New statistics showing a continuous rise in house prices fly in the face of numerous media reports that domestic property prices have already started to decline in some cities.
Policymakers should step up efforts to curb surging house prices now to avoid a later rush for homes in fear of further price hikes.
Housing prices in 70 large- and medium-sized cities rose 10.5 percent year-on-year in November. The rise, 1 percentage point higher than that of October, hit a new high, undermining the government's efforts to stabilize house prices.
As part of its macroeconomic controls to cool economic growth that is bordering on overheating, the government has introduced a host of tightening measures to rein in soaring house prices.
For instance, the banking authorities recently made a strict definition of "second home" according to the property owned by the families of mortgage applicants rather than just the applicant.
The rule will deal a heavy blow to speculative homebuyers as they will have to make a higher down payment and cannot enjoy preferential interest rates. In some cities, it was such speculative house purchases that considerably fuelled runaway property price hikes.
Besides, the government also decided to adopt a tight monetary policy to check credit growth. In the absence of easy access to bank loans, it is believed that some developers may cut prices to promote sales due to liquidity concerns instead of hoarding houses for fatter profits.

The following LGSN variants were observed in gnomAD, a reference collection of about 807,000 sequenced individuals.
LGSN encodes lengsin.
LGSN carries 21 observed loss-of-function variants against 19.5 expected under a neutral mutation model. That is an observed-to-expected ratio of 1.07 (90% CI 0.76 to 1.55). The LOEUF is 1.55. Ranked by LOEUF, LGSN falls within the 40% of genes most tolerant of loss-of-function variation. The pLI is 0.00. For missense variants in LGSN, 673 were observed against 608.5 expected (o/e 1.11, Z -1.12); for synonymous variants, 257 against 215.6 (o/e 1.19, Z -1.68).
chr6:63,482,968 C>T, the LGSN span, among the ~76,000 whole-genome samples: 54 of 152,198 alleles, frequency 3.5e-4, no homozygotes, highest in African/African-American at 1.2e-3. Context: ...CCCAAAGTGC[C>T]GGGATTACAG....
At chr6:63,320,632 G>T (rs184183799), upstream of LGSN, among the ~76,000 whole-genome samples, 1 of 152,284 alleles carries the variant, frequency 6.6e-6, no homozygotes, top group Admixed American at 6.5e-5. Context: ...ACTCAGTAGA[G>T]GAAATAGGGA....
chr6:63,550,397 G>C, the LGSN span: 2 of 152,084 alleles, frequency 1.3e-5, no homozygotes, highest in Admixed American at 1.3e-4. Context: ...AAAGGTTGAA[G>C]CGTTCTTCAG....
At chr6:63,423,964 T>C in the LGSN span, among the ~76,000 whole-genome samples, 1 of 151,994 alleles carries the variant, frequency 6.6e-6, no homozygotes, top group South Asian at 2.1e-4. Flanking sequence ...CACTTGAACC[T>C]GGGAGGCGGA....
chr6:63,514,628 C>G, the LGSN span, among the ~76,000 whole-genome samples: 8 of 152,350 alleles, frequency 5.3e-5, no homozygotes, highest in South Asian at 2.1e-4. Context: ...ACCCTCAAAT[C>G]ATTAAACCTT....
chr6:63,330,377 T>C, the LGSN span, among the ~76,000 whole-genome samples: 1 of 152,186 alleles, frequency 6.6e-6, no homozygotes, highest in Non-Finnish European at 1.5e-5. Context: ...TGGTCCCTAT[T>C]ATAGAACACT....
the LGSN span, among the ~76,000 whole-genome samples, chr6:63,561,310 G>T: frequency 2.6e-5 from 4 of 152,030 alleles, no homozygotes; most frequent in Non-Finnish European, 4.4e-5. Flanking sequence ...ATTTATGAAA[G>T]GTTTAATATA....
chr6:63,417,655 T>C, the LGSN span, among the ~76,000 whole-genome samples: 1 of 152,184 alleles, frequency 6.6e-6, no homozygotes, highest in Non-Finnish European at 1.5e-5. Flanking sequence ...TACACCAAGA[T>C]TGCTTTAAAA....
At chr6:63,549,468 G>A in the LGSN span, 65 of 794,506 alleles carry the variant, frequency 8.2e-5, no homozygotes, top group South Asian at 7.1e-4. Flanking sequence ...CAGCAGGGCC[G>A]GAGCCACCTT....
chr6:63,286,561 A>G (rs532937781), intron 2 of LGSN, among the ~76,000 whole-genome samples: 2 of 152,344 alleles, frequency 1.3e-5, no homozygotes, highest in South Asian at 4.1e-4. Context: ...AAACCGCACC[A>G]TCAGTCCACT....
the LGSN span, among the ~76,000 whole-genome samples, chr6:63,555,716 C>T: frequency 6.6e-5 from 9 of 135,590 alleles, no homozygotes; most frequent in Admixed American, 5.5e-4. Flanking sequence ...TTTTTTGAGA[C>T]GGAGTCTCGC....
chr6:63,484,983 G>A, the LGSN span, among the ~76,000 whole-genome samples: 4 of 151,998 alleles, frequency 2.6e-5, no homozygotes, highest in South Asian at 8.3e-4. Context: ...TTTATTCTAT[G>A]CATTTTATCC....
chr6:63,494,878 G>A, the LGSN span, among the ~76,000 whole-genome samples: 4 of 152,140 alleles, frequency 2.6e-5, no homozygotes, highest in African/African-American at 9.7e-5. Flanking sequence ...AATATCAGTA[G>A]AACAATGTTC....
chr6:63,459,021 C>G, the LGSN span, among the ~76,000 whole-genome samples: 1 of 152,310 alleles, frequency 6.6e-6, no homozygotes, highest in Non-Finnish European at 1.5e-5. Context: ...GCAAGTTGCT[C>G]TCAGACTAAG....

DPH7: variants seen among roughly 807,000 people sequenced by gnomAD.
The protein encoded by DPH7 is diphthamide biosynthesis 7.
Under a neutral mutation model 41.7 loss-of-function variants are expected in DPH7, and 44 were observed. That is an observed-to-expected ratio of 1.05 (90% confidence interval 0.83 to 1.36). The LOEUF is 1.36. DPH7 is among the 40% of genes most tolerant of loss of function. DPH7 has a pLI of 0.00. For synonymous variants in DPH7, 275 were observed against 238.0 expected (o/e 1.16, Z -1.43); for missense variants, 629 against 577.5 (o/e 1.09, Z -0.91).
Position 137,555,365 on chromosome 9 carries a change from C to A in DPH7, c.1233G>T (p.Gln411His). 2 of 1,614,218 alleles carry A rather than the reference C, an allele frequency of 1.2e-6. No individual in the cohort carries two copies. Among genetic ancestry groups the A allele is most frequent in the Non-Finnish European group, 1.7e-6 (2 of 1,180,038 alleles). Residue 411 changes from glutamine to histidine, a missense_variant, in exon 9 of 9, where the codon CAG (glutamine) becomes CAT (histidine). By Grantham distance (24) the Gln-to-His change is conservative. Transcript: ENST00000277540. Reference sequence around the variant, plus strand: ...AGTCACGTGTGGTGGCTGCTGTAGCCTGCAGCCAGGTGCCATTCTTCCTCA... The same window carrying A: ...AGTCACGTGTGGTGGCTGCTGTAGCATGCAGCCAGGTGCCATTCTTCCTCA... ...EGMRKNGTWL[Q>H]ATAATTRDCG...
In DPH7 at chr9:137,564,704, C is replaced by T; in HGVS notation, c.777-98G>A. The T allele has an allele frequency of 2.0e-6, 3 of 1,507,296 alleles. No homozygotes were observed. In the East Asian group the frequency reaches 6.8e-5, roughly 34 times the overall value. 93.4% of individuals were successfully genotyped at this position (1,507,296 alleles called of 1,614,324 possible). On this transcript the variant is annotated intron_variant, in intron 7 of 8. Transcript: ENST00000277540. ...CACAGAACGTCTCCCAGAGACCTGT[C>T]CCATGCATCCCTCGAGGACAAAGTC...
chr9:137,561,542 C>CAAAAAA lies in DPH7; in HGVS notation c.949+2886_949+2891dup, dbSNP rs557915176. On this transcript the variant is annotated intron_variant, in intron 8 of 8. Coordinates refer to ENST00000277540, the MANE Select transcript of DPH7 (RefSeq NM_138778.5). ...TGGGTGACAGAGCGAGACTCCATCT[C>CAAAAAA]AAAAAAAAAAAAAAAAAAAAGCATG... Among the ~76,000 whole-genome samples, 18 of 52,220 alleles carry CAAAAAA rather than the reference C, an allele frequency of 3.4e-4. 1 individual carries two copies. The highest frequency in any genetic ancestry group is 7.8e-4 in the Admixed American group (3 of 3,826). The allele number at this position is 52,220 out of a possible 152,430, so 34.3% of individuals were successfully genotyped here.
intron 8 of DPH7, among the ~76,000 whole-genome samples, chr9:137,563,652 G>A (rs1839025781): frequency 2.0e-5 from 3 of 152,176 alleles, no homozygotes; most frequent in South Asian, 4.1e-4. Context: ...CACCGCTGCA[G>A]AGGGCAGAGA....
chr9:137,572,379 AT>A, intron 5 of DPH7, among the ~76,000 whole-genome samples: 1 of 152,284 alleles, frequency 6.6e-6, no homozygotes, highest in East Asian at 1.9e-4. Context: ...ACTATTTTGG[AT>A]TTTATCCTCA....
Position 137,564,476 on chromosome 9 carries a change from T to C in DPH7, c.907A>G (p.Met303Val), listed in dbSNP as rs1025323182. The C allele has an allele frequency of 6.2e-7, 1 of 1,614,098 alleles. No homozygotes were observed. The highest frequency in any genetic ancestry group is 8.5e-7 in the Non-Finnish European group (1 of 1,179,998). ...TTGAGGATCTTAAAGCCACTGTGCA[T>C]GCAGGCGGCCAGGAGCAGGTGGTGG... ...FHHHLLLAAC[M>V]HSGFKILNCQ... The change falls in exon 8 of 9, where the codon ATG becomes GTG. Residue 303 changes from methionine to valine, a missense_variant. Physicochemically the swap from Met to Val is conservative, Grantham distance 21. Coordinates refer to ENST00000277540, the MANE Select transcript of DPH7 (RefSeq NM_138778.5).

Under such circumstances, media reports from across show the country that house sales are shrinking and prices are plunging in cities that once boasted jaw-dropping amounts.
It is surely not difficult for these reports to find an audience. Rocketing house prices in recent years have made home ownership a heavier than ever burden for most potential buyers.
However, the latest house price data has proved it is only too premature to conclude that the property market has reached a turning point. The November figure indicates that the momentum of property price hikes in major cities remains strong.
Only when the government substantially increases the supply of affordable homes for low-income groups and provides more land lots for development can the imbalance of demand and supply in the property market be addressed.